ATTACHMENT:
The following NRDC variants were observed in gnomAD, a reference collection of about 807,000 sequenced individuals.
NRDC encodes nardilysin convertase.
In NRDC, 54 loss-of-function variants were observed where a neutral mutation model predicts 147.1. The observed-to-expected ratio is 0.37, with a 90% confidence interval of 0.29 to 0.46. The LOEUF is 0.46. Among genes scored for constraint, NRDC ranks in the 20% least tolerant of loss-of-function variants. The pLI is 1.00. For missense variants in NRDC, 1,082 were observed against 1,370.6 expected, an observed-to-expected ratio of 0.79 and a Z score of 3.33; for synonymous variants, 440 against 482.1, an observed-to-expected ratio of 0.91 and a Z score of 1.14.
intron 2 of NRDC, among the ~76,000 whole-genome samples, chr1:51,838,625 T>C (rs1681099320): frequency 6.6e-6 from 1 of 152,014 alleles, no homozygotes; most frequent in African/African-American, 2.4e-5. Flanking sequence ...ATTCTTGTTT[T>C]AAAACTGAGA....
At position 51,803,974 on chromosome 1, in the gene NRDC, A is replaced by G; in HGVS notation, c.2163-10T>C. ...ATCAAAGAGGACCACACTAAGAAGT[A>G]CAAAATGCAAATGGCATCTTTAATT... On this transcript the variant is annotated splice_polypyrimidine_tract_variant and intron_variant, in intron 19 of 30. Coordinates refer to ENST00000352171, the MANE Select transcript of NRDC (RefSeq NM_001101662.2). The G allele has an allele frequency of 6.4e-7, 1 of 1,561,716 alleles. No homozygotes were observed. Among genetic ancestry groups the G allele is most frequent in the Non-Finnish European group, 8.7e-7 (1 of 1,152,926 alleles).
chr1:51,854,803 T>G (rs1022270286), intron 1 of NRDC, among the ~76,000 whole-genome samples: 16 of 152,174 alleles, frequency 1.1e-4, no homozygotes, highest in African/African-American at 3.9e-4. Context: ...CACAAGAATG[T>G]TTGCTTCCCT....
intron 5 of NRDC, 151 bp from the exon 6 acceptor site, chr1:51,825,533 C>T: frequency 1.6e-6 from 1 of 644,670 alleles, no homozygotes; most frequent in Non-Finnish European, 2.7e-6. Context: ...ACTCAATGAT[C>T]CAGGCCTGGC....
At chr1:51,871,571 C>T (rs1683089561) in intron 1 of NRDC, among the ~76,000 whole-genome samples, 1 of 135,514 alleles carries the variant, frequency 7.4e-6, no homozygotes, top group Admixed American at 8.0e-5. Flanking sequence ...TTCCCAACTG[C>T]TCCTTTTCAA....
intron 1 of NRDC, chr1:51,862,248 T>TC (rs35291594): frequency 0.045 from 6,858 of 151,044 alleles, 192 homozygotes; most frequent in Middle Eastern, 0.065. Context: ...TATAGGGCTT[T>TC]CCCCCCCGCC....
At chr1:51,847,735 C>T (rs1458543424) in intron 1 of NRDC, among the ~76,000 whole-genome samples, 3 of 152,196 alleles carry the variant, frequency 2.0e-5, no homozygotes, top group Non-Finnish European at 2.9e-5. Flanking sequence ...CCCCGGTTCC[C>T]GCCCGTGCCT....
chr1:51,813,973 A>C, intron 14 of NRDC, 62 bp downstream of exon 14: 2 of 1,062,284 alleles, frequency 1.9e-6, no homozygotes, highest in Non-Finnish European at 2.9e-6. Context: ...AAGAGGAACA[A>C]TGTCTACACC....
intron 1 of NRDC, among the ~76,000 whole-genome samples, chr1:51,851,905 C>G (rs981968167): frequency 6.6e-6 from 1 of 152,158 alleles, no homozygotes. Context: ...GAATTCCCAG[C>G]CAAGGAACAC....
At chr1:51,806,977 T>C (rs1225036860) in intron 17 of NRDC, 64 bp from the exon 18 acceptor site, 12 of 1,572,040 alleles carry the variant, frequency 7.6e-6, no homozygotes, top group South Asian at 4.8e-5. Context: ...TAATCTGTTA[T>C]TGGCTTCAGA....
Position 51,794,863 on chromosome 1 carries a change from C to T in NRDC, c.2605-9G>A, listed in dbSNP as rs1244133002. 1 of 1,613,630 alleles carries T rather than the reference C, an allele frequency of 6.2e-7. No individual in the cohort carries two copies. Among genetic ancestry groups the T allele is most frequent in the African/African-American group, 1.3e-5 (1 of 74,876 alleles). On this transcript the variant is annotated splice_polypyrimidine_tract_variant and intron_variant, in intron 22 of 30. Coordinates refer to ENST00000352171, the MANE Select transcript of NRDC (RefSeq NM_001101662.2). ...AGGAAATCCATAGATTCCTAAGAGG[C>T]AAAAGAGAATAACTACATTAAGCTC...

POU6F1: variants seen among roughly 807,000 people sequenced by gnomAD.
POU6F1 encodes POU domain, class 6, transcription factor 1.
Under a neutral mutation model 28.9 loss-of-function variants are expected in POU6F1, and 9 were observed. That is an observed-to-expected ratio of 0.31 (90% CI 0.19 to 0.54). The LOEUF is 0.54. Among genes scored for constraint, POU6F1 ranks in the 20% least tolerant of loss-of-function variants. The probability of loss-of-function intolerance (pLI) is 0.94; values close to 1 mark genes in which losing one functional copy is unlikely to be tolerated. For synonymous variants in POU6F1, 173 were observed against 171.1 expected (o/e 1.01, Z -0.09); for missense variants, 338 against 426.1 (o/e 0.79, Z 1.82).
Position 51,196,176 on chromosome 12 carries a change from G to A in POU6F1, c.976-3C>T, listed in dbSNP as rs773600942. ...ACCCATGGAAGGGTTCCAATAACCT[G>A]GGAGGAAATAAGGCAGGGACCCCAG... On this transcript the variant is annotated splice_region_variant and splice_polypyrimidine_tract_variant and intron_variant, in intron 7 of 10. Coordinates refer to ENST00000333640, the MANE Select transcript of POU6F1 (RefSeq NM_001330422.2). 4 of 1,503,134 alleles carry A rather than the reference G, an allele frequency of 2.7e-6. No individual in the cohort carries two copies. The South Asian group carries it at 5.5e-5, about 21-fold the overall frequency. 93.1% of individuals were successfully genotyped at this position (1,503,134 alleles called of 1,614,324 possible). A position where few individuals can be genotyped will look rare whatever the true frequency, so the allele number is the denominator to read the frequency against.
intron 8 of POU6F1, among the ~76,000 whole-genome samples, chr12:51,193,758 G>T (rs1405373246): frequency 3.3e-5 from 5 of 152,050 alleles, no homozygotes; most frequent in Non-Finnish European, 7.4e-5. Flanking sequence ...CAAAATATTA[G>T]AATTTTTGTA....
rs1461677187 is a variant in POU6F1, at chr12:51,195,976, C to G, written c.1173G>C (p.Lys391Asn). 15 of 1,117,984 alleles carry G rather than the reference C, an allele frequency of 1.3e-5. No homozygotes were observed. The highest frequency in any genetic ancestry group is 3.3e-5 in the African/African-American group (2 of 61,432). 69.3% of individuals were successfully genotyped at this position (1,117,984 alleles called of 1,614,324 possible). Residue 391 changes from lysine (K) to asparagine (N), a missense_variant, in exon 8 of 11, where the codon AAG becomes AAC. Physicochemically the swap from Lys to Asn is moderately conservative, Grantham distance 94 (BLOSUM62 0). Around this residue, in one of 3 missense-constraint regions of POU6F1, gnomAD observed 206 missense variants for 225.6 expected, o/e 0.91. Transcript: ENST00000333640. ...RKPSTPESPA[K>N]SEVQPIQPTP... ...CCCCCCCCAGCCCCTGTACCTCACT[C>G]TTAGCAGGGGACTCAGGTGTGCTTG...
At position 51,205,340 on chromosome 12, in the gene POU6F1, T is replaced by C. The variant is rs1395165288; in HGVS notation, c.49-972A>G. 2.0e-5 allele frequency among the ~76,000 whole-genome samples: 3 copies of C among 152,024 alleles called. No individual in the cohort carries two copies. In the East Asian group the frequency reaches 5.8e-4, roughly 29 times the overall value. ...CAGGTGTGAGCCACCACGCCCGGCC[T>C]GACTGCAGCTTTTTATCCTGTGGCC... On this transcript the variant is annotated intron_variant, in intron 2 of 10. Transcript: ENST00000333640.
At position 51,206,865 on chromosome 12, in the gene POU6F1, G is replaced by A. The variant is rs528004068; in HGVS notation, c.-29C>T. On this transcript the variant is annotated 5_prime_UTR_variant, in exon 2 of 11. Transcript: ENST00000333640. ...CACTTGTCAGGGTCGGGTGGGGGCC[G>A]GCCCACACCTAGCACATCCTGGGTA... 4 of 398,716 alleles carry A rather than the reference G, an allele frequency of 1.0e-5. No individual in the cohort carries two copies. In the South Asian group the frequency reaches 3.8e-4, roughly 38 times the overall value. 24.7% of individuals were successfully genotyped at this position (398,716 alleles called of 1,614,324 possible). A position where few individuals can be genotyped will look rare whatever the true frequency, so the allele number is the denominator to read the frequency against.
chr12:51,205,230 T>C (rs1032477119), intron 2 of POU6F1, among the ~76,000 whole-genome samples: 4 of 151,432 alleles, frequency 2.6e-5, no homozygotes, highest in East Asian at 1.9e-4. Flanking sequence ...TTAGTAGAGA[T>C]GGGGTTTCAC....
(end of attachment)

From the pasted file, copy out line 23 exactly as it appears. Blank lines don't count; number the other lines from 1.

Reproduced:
chr12:51,205,230 T>C (rs1032477119), intron 2 of POU6F1, among the ~76,000 whole-genome samples: 4 of 151,432 alleles, frequency 2.6e-5, no homozygotes, highest in East Asian at 1.9e-4. Flanking sequence ...TTAGTAGAGA[T>C]GGGGTTTCAC....